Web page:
On September 11, 2001, two planes flown by premeditated terrorist murderers crashed into the twin towers of the World Trade Center in New York City. Another hijacked plane plunged into the Pentagon; while yet another aimed at the White House was taken down by courageous passengers who overtook the terrorists on that flight. Almost 3000 innocent people were murdered that day and another 6000 were injured. It was a tragic day that truly tested the resolve of our nation and all her inhabitants.
It Angers Me
When I hear middle and high schoolers speaking nonchalantly about the horrific events of 9/11, I feel something twist in my abdomen and push against my chest. I feel my jaws clench and my teeth grind. I get angry. I think to myself: these little foolish, ungrateful twits!
How dare they speak so cavalierly about the lost lives of so many, the cruel act of terrorism, and the complete and utter devastation our country experienced on that day in 2001.
How dare they not stay quiet in reverence and awe during the Moment of Silence in remembrance of those who lost their lives and lost loved ones. And how dare they complain that the moment – not even a full minute – is too long.
And then there are the jokes and snide comments. How does one joke about such a dreadful event? Believe me, immature teens and preteens can find a way. And it infuriates me! The only thing that keeps me calm and willing to teach them the error of their ways is the fact that they are just silly kids who really don’t know any better. Their brains are not even fully developed yet. They need us to help them see the gravity of that cataclysmic day.
How dare they mindlessly guffaw or lazily slouch across their desks, unwilling to stand for the flag – the very flag we proudly staked at the rubble of the twin towers. The flag that we waved as a symbol to say we will not bow down to terrorism: we are not defeated. Do you think anyone would consider kneeling during the singing of the Anthem or the Pledge during a tribute to the brave men and women of 9/11? What about while standing on the sight of the once steady twin towers – the site of our country’s great pain?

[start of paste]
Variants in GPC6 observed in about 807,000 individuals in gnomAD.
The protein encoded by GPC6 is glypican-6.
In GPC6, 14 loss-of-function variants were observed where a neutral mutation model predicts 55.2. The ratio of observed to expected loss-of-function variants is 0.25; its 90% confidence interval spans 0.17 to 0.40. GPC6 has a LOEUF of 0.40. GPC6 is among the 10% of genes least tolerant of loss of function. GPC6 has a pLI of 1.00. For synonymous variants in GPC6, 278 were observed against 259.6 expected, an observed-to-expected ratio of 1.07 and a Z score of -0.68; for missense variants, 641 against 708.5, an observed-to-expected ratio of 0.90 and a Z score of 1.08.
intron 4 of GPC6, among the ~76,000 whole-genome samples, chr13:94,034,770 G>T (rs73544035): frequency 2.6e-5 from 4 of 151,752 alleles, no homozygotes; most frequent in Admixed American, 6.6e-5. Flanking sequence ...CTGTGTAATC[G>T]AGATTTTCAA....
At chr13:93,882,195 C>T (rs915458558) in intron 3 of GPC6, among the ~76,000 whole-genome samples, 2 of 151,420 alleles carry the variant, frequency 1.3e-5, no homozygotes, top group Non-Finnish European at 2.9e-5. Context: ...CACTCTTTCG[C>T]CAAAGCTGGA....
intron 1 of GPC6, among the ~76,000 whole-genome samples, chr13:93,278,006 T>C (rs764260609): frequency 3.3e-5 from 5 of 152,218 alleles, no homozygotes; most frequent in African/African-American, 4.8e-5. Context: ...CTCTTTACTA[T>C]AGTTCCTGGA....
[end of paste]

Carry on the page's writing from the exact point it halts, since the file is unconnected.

I would hope not. Yet, it’s up to us to share the stories of 9/11 with solemn perspective and true details. They need to know the real extent to which we were attacked and how quickly and horrifically thousands of innocent people were killed. This is not something to be taken lightly.
It Saddens Me
It hurts my heart when I hear kids and teens making obtuse comments about the tragedy of 9/11. Their lack of compassion for the loss, and their lack of understanding of the extent of that loss is difficult to watch. Even after explaining the deep pain and devastation felt by so many, especially those who lost loved ones, too many kids still remain disconnected from the reality of that event.
Simplistic comments about what someone should have done. The “If I was there, I would’ve just …” comments show their utter inability to appreciate the magnitude of horror experienced on that day. A little empathy would go a long way, but these young people are sorely lacking in that quality.
Yet, how is it they don’t know and feel the weight of those horrifying terrorist attacks? It’s been 18 years since it happened … meaning they weren’t there. They didn’t experience it. The only way they will adopt the perspective needed and the solemn approach desired is if we pass it on to them. Not just once or twice, but often.
So, despite my feelings of anger and sadness, I have to realize these teens and preteens can only comprehend the gravity of September 11, 2001 if we give them the information, and then help them to process it. Their innate immaturities require adults to take their hands and walk them through the events, feelings, and realities of those heinous attacks. Their young sense of immortality makes it challenging for them to grasp the tremendous losses, both physical and psychological. We must help them.
Even if we can’t get our young people to connect with the solemnity of 9/11, we can still require them to be respectful in their speaking about it. We hold the memories and therefore, we hold the torch. We must pass it on if there is any hope of maintaining a sober awareness and respect for that terrible day.